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Newspaper Page Text
A Farm and Home Weekly for the States of Mississippi,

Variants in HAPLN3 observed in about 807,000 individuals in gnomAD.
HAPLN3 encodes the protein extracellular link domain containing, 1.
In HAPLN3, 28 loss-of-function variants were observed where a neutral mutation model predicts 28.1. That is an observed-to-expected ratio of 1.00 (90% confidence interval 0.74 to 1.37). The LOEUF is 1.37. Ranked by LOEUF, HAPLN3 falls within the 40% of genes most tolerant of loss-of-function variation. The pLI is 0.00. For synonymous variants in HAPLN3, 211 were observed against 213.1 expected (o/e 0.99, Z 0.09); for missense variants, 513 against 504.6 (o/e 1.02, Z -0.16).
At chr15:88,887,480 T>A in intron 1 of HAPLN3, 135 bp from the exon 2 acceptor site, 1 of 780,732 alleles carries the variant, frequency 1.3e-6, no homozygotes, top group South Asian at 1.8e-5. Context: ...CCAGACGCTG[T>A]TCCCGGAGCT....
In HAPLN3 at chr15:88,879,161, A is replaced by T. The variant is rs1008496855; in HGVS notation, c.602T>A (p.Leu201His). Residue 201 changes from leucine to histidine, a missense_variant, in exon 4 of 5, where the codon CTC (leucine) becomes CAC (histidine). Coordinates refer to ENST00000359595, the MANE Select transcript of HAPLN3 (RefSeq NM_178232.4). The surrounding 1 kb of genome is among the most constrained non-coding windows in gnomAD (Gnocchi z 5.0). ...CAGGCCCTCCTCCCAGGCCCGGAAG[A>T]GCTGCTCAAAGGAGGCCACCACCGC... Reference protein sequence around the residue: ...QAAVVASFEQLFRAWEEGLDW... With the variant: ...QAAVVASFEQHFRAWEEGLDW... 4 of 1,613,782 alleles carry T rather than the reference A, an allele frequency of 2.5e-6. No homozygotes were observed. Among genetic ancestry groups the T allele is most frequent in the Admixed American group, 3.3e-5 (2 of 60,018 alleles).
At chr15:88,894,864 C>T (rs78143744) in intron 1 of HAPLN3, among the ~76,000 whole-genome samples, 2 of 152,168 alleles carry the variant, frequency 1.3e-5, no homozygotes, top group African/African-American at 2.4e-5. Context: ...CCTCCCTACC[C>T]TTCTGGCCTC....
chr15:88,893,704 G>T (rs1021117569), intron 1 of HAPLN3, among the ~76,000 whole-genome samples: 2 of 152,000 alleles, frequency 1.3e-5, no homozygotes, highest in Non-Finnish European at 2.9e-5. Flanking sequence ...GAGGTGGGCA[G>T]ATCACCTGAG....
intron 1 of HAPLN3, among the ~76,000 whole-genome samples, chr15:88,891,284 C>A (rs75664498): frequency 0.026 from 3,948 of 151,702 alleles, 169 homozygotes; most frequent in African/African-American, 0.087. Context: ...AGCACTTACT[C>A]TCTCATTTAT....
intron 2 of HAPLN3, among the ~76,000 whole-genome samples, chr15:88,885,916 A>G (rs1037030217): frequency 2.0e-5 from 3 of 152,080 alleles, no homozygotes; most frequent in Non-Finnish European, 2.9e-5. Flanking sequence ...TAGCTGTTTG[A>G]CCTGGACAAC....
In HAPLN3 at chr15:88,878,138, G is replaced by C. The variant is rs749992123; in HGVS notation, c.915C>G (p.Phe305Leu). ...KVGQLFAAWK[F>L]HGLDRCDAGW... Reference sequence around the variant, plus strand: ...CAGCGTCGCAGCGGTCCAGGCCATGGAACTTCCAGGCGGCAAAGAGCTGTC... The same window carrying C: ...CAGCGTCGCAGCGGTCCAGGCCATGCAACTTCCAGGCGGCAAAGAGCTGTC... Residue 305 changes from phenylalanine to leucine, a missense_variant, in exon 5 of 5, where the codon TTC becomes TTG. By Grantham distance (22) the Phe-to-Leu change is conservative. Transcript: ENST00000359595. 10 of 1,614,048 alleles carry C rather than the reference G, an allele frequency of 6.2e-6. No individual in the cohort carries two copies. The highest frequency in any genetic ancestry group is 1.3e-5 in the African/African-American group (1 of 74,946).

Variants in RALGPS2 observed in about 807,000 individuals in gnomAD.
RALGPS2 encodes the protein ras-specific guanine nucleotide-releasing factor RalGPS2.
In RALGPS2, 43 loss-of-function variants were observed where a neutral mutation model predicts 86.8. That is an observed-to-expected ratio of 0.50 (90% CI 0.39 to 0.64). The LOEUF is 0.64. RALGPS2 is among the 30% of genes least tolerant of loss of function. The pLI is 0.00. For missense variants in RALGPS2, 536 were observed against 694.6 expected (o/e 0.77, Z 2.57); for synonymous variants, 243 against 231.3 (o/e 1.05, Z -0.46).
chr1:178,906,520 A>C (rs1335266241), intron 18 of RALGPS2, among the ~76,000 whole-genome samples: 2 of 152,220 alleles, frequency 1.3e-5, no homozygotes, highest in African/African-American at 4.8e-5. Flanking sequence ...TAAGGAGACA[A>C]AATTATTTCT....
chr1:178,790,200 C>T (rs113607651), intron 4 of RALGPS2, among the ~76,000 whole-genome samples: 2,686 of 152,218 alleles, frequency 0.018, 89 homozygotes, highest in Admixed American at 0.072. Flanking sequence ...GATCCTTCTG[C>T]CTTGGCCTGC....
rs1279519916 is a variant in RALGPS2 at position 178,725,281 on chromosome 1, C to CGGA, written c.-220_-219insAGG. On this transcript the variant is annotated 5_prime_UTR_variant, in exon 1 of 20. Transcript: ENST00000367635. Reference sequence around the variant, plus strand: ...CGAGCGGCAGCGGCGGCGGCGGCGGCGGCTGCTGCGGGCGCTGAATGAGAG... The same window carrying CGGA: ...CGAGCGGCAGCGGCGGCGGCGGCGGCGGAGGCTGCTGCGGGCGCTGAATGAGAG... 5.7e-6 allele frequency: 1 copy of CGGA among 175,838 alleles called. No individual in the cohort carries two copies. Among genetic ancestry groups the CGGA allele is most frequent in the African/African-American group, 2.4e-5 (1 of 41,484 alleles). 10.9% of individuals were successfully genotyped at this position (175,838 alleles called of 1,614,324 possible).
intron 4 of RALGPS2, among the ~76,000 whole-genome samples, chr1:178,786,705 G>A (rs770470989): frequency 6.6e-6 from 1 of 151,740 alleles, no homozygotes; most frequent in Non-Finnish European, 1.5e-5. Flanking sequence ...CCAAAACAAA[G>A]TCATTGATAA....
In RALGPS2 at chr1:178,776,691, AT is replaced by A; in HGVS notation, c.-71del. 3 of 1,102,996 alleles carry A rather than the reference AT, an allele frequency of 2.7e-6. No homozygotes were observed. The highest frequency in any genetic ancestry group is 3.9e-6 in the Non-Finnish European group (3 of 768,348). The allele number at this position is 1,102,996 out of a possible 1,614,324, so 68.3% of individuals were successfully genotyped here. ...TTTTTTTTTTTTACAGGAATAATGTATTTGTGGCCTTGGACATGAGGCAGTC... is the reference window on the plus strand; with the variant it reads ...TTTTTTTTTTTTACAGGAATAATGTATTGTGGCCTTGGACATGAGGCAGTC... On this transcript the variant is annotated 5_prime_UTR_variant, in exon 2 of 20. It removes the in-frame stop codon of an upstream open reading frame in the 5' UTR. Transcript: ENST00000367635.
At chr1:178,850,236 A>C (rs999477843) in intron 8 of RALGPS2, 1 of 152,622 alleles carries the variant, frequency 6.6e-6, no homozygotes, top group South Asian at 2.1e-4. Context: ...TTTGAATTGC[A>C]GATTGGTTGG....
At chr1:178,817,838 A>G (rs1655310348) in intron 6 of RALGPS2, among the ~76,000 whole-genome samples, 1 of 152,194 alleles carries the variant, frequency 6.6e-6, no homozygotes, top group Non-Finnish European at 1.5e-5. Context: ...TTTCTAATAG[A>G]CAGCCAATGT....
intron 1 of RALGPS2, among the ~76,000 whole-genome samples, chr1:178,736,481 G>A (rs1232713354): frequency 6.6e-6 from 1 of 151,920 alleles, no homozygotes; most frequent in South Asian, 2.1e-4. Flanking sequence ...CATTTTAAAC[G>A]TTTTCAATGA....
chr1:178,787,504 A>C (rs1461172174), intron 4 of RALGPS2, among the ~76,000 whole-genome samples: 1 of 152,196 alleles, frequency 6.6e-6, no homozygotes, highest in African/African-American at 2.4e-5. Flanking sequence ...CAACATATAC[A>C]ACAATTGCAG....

Alabama, Louisiana, Arkansas, and Tennessee. FOUNDED, 1895, BY DR. TAIT BUTLER, AT STARKVILLE, MISS. Volume XV. No. 22. SATURDAY. JUNE 4.1910. Weekly: $1 a Year. The Sort of Horses and Toots That Have Made the West Rich terday—big, splendid, beautiful Percherons sweeping along almost rhythmically, the rich, mellow soil crumbling swiftly behind them in long, deep, straight furrows. Usually the horses were two abreast, but very frequently there were three or four great, gentle, well-kept fellows that it would be a privilege for anybody to sit behind. I shouldn’t have much respect for the farmer boy who wouldn’t be prouder to plow a couple of these beautiful animals than to be some body else’s hired man in town or to measure calico at some cross-roads store. And when we get more of them down South, every grown-up farmer, too, will feel more pride in his business. Incidentally, let me say, we must begin-to breed more for farm work horses instead of coach and trotting types.” When such outfits as those shown here are the rule on Southern farms—when the in efficient one-horse plow has given way to modern imple o UR readers will recall Mr. ft Poe's recent letter on the kingly farm horses of the Middle West how he traveled hundreds of miles without see ing a one-horse plow and how the beauty of the farm horses everywhere impressed him While in Wis consin he set out \ to get for Progressive Farmer and Gazette readers sonic pic turcs of these beautiful plow teams at work and from the John Deere Co., Moline, III., he secured the typicil photographs given herewith. In this connection *-t* also reprint a paragraph from Mr. Poe's letter about these horses: "I hail never seen ou'side the pictures such beautiful horses plowing as I saw on the way from Chicago here yts FEATURES OF THIS ISSUE. DrtvluK Stv Ton* of Fine Horse-Flenh.407 Farm Work for June. . 308 lni|ir<>|H*r Feeding am! Inferior Horst's.408 Infant Diseases ami Infant Mortality 1. 40k Keep Dow a the \\ eetls on tlm 1 arm .407 Mr. i mull \sks a Favor. Ten Thlntts to Do This Month . 401 The Host t‘ropa to Follow tints 110 The Most Valuable Crop of the South. 400 The People Should t’ontrol VV fit or Powers 1 'tOM Timely Harden Note*. . < What Farmers Want to Know \luiul Horses .100 What I Saw in the Middle West Why the South NimmIk More Horses . Why We Need Draft Stallions . 400| irienis uruwTi uy znree or jour big mares or heavy mules,— then the farmers of the South will rival in wealth and achiev ment those of the West, butI this cannot be while the average Southern farmer drives one little mule. The mule may remain the great work animal in the South; but the mule of the future will be mush larger than the average mule of the present, and when he goes across the fields it will be in company with one or more of his mates. Better work stock and more of it is essential if farming in the South is ever to pay as it should.